This course contributes to students’ understanding of diplomacy today, i.e. the institutions and processes by which states and other actors represent themselves and their interests to one another. There will be attention for diplomacy’s role in contemporary international society, its machinery, as well as different conceptual and theoretical perspectives on diplomacy. More specifically, the course will look at some of the most salient trends in diplomatic practice.
Methods of Instruction
This course is seminar-based, with an emphasis on discussion and group assignments, including field work based on interviews.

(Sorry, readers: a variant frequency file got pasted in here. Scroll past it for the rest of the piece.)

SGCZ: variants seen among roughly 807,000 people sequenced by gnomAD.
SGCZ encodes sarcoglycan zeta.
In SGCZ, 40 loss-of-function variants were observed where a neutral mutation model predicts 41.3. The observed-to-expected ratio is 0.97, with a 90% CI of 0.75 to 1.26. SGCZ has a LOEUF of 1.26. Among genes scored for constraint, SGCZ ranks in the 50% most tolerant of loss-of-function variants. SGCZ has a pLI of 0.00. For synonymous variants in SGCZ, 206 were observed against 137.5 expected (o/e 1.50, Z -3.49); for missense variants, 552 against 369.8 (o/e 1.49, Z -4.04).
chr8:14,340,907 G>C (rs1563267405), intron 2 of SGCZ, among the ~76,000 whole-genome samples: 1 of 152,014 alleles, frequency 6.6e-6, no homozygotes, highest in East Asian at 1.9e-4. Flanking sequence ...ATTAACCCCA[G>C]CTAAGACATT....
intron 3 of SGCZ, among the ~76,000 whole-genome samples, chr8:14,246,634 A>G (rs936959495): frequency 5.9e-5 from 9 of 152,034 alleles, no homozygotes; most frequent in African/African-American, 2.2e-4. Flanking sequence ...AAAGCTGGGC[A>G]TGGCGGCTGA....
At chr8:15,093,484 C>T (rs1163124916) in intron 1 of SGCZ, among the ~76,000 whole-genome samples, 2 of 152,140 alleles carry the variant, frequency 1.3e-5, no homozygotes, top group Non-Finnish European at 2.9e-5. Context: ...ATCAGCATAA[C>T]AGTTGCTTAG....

The compulsory literature of approximately 700 pages will be made available electronically by the course lecturer. Before the start of the course, students are recommended to read:
Harold Nicolson, The Evolution of Diplomatic Method, London: Weidenfeld and Nicholson (1954), pp. 1- 77.
Raymond Cohen, ‘Diplomacy through the Ages’, in: Pauline Kerr and Geoffrey Wiseman (eds), Diplomacy in a Globalizing World: Theories and Practices, New York and Oxford: Oxford University Press, 2012, pp 15-30.
Hedley Bull, ‘Diplomacy and International Order’, in: The Anarchical Society: A Study of Order in World Politics (1977 or later editions).
Continuous assessment based on 100 per cent course attendance, active participation in group discussions, two group assignments including field work and a presentation, and one piece of written work.
Tuesday 4 February until 25 March, 9.30-12.00 hrs in the Buitenhof room (Stichthage)